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  • US-Iran Tensions Reignite Following Another Drone Incident

    The United States claims a US navy vessel destroyed an Iranian drone on July 18, continuing the escalatory spiral between Iran and the United States in the Persian Gulf.

    US President Donald J. Trump announced before a press conference with Dutch Prime Minister Mark Rutte that the USS Boxer “took defensive action against an Iranian drone,” which had come within 1,000 yards of the US ship. Trump said the drone ignored “multiple calls to stand down and was threatening the safety of the ship and the ship’s crew,” before it was “immediately destroyed.” According to CNN Pentagon correspondent Barbara Starr, the drone was “brought down by electronic warfare jamming.”

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  • Expert Rapid Response: Erbil Attack

    On Wednesday July 17, 2019 ashooting took place in a restaurant in Erbil, in the Kurdistan region of Iraq, thatallegedly killed aTurkish diplomat serving in the consulate, Osman Kose, and two Iraqi civilians. Reports claim that three assailants with alleged Islamic State (ISIS)...
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  • Dutch Prime Minister: Europe Should Embrace Trump’s Multilateral Criticisms as Opportunity for Reform

    While many European leaders have pushed back against US President Donald J. Trump’s criticism of multilateral organizations such as the United Nations (UN), World Trade Organization (WTO), and even the European Union itself, Dutch Prime Minister Mark Rutte wants his colleagues to look at Trump’s rhetoric as an opportunity. “We have to make use of Trump’s criticism of these organizations to start to improve them. It is a much more constructive [approach],” he advised.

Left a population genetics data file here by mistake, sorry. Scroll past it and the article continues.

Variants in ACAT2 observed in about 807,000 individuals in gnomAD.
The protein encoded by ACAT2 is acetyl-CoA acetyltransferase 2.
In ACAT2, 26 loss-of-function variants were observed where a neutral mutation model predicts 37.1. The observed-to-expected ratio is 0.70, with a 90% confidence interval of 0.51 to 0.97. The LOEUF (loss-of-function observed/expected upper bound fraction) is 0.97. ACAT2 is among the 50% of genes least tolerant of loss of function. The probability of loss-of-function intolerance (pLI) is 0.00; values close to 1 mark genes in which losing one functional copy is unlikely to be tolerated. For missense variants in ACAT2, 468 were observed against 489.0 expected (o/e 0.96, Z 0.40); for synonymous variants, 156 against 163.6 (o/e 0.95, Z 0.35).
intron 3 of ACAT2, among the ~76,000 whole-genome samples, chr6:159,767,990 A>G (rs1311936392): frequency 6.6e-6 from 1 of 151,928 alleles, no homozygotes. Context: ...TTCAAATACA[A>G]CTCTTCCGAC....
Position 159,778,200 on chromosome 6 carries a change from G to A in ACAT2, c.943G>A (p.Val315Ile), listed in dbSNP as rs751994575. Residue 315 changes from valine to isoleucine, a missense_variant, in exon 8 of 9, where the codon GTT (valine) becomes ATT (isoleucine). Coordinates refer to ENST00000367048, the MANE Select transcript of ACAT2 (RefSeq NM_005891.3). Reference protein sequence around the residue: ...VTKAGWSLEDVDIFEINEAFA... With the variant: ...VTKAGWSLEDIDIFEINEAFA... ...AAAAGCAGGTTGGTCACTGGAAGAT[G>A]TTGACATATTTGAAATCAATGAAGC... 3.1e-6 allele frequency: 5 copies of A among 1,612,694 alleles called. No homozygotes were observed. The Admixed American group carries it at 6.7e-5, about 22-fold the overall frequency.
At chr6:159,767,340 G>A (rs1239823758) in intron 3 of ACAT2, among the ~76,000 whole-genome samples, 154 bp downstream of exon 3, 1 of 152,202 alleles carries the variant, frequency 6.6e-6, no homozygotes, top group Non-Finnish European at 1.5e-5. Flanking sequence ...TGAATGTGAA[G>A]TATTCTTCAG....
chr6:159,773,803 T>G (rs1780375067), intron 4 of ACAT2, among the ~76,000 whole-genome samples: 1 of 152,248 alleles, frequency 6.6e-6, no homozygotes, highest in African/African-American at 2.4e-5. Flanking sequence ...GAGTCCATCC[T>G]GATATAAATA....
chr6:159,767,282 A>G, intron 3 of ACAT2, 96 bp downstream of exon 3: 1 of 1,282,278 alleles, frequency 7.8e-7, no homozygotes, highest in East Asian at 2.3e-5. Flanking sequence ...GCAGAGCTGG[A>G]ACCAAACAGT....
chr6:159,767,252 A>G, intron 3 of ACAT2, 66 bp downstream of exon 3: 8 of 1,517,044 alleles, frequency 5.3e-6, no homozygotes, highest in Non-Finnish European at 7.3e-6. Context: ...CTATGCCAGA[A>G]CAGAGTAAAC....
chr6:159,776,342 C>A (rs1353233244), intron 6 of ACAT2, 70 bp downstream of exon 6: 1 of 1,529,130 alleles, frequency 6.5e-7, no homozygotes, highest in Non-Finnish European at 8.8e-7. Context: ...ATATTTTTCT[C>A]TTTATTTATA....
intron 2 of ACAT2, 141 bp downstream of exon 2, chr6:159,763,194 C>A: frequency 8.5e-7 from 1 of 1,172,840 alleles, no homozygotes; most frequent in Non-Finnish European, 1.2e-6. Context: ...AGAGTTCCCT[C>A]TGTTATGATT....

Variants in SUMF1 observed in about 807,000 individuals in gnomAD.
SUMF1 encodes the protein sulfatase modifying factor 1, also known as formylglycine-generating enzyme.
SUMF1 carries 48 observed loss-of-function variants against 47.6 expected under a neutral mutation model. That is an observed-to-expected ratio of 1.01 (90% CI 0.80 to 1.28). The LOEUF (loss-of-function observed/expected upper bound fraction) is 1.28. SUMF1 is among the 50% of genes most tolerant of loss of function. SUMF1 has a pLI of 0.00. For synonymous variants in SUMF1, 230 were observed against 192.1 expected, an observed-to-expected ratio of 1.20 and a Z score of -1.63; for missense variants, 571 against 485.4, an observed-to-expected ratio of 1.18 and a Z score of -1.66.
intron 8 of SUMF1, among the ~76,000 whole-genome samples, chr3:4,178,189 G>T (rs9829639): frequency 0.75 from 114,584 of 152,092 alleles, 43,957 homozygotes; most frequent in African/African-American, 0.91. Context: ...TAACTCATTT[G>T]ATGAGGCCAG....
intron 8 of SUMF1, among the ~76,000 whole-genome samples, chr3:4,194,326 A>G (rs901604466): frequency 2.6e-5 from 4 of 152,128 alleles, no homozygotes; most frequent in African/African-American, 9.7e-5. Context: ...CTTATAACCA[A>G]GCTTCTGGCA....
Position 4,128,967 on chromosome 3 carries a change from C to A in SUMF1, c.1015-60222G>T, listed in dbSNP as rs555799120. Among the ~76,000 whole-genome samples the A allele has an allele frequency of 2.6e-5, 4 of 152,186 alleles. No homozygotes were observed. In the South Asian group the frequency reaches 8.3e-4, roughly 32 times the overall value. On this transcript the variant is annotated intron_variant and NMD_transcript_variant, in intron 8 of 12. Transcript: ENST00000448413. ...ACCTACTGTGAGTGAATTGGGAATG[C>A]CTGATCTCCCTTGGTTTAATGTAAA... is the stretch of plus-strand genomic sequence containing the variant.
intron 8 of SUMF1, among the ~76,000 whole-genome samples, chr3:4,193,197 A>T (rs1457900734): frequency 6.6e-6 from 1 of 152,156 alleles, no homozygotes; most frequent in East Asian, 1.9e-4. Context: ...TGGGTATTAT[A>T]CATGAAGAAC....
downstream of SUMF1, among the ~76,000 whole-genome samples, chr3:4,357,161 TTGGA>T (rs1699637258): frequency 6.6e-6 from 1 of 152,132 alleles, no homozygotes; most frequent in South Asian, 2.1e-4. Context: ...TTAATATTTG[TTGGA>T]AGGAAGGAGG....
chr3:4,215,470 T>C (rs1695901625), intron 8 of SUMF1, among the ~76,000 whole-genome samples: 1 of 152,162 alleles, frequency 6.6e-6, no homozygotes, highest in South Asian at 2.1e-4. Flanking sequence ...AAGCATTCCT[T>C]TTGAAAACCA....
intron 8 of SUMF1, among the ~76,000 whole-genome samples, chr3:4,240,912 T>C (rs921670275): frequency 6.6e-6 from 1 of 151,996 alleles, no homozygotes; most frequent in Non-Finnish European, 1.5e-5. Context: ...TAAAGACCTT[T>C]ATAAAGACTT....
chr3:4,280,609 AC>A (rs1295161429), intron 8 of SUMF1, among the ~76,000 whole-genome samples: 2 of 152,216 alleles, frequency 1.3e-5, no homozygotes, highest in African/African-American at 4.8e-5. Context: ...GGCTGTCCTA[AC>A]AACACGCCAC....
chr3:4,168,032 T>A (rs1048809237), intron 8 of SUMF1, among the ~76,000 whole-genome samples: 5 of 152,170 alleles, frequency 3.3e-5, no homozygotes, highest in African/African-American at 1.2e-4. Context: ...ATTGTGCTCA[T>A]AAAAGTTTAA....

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  • Poor Air Quality and Lost Economic Opportunities

    Air quality in the Middle East and North Africa (MENA) region has deteriorated dramatically over the last few decades.Recent research on global level of pollution ranked Cairo as the most polluted city in the world. The situation in other major cities in the region is not very different from the Egyptian capital. The region has witnessed major shifts in energy production and consumption trends over the last few decades which contribute to high levels of air pollution.

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  • Central Europe Ready to Lead on Strengthening the Transatlantic Bond

    As Europe and the United States face off over trade, defense spending, and other high-profile disagreements, the foreign ministers of Central Europe signaled that they are ready to take the lead in repairing the vital transatlantic relationship.

    Speaking at the Atlantic Council’s conference “The United States and Central Europe: Celebrating Europe Whole and Free” on July 17, ministers from the Visegrád countries—the Czech Republic, Hungary, Poland, and Slovakia—celebrated the deep relationship their countries have with the United States and stressed the importance of a strong transatlantic bond.